Although the plot of this book has an inevitable outcome, Delinsky introduces new ‘by-lines’ to make the story more interesting and intriguing – Robin’s true feelings about her mother, her sister and her career discovered through her journals, Molly’s relationship with the man who found Robin collapsed, Chris’ marriage problems and lack of confidence, Kathryn and her husband’s painful family secret, Molly’s relationship with her ailing grandmother, Kathryn’s acceptance of her daughter’s death and subsequent wishes. These keep the storyline going along and make the reader want to continue.

Molly is the main focus of the book, how she lived in the shadow of her famous sister, how she quietly excels at her job, how different she is to her sister and how she competes for her mother’s attention knowing she is not the favourite daughter. Through this family crisis Molly finds her voice, finds out just how much her family do love her, particularly her sister, and learns a lot about herself. She becomes Robins ‘voice’ and helps steer her mother to making the right decisions.

The ending felt quick, a bit left up in the air but maybe that shows how involved I got with the family and the story – a compliment to the writing.

While My Sister Sleeps is an emotional book in which the characters learn more about themselves and their own family – constantly asking who am I, what do I really think…..? It is a story about a family coming to terms with one of the worst things that could ever happen to them and again makes the reader ask their own moral questions about life.

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Tell Me Where It Hurts – Healing and Hope In My Life as a Vet.

Tell Me Where It Hurts – Healing and Hope In My Life as a Vet.

Author: Dr Nick Trout

Publisher: Sphere, April 2009

Synopsis (taken from amazon.co.uk)

‘It’s 2:47am when Dr Nick Trout, a British vet working in Boston, USA, is abruptly woken and called in to the Angell Memorial Animal Hospital to see if he can save the life of Sage, a ten year-old German Shepherd with a critical stomach condition. The case is severe, the outlook bleak, and Dr Trout is her only chance. So begins an intimate and exhilarating journey into a typical day in a far from typical job. TELL ME WHERE IT HURTS takes the reader to the heart of the trials and tribulations of life as a veterinary surgeon, a life filled with heartbreak, triumph, anxiety, and of course, cuddly pets and their variously crazy, desperate, and demanding owners.’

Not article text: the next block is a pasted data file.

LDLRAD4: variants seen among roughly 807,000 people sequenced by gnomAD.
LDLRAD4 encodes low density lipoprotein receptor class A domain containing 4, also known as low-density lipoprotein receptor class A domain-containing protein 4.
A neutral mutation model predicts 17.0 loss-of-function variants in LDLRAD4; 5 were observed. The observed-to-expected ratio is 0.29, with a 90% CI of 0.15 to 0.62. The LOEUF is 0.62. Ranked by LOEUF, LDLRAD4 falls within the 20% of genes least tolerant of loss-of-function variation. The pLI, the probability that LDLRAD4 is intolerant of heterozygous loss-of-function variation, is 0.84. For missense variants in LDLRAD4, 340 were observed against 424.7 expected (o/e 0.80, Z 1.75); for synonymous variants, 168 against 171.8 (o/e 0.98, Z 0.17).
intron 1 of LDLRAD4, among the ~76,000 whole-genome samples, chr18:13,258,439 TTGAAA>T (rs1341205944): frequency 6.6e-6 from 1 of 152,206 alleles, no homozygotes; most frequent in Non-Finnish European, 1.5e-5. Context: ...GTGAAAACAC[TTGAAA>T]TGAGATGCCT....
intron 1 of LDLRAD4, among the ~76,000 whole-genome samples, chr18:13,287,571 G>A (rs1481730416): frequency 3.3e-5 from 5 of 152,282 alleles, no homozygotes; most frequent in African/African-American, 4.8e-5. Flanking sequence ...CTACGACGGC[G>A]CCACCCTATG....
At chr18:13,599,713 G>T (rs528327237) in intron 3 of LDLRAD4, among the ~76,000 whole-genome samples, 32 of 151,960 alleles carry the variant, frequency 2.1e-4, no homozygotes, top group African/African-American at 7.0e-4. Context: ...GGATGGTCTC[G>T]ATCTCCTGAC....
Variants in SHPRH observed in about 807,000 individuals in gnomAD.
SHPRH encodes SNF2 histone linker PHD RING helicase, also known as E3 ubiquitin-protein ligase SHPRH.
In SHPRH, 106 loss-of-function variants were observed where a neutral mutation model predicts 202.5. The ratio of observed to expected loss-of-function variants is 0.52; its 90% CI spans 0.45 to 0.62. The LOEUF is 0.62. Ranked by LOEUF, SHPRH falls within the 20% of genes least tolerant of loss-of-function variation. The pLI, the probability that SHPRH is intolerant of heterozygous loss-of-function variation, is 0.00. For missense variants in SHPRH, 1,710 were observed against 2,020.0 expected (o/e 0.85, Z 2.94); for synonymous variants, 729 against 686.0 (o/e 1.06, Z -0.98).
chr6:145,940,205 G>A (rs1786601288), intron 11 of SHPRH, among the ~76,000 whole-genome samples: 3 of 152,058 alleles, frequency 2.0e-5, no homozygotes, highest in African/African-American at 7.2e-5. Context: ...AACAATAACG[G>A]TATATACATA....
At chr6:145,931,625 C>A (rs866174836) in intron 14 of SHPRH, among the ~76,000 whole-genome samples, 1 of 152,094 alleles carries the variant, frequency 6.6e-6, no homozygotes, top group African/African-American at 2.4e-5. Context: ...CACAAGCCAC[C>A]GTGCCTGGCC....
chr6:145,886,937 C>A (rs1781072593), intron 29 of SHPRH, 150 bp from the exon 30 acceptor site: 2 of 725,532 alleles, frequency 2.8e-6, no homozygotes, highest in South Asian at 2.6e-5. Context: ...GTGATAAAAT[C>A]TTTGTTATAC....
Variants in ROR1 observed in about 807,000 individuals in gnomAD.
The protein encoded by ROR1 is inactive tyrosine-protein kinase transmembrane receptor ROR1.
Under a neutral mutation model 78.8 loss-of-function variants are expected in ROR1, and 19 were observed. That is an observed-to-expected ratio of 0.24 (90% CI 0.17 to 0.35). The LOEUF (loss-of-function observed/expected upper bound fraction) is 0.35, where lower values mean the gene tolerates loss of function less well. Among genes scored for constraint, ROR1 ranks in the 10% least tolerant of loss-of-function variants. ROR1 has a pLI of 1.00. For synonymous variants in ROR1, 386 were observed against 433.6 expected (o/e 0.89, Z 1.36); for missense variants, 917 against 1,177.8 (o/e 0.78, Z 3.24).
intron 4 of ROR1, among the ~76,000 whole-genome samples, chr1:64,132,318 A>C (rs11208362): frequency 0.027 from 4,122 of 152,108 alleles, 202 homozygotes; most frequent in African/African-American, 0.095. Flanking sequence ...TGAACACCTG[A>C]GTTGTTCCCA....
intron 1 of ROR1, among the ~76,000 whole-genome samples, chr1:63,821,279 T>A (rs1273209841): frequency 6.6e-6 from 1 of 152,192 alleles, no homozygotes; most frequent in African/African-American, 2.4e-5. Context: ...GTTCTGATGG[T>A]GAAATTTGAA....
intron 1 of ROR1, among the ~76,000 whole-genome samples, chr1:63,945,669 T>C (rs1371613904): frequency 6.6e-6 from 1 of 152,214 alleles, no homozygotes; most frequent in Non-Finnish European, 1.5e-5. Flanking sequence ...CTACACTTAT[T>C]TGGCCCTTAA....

Review

This book demonstrates 24 hours in the life of veterinary specialist Dr Nick Trout. He specialises in companion animals, in particular dogs. It is an emotional rollercoaster of the highs and lows, the pressures and anxieties of a busy day in the surgery’s ER department.

Dr Trout’s day starts just before 3am when he is called into emergency surgery by one of his residents who needs his expertise to try and save a German Shepherd called Sage. The book then follows his day’s appointments and operations. He talks of the pets, the ailments, the procedures and the owners. Dr Trout has to deal with poorly pets, anxious and over protective owners (or ‘parents’ as he calls them), the touchy subject of vets bills and all the while support new residents and fight his own exhaustion.

As a current ‘parent’ of a particularly unlucky and poorly pooch, this book appealed to me and gave me a good insight into the work of the specialist vets we have met and paid out to over the past two years.

Dr Trout trained in Britain but works in the US and he gives interesting comparisons to veterinary work and costs between the two countries. Sometimes the writing can be ‘technical’ but he usually goes on to explain it in layman’s terms. He also talks of his work with much smaller and much larger animals.

I would recommend this book to any dog or cat owner, or anyone who has ever visited a vet! It is a true story, factual, emotional and one of those books you find yourself thinking about when you are not reading it.